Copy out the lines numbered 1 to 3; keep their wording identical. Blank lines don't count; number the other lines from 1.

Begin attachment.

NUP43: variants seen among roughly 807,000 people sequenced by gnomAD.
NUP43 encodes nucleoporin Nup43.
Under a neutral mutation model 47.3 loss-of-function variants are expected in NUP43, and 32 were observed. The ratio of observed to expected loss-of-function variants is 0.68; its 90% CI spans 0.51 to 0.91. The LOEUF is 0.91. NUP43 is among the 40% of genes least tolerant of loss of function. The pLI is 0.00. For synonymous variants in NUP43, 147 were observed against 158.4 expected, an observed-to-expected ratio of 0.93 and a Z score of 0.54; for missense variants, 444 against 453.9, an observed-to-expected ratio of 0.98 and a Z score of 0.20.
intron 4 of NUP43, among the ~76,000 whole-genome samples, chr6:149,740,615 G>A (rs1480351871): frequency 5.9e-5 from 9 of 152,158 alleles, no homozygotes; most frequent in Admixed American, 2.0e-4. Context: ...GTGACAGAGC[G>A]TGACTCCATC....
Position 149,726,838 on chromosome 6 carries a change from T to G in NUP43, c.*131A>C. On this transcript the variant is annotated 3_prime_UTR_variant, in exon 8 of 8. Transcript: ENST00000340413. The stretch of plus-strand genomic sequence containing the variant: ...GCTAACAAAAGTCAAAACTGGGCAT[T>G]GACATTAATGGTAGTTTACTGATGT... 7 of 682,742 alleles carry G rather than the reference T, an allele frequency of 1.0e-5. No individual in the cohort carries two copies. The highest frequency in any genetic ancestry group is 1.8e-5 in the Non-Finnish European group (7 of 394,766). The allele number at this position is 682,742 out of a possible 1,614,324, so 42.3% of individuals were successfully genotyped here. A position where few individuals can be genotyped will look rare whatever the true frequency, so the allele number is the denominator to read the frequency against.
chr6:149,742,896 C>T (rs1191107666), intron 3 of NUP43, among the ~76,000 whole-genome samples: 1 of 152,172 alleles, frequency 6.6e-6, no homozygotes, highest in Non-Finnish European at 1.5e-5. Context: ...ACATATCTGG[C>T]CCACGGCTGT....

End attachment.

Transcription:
NUP43: variants seen among roughly 807,000 people sequenced by gnomAD.
NUP43 encodes nucleoporin Nup43.
Under a neutral mutation model 47.3 loss-of-function variants are expected in NUP43, and 32 were observed. The ratio of observed to expected loss-of-function variants is 0.68; its 90% CI spans 0.51 to 0.91. The LOEUF is 0.91. NUP43 is among the 40% of genes least tolerant of loss of function. The pLI is 0.00. For synonymous variants in NUP43, 147 were observed against 158.4 expected, an observed-to-expected ratio of 0.93 and a Z score of 0.54; for missense variants, 444 against 453.9, an observed-to-expected ratio of 0.98 and a Z score of 0.20.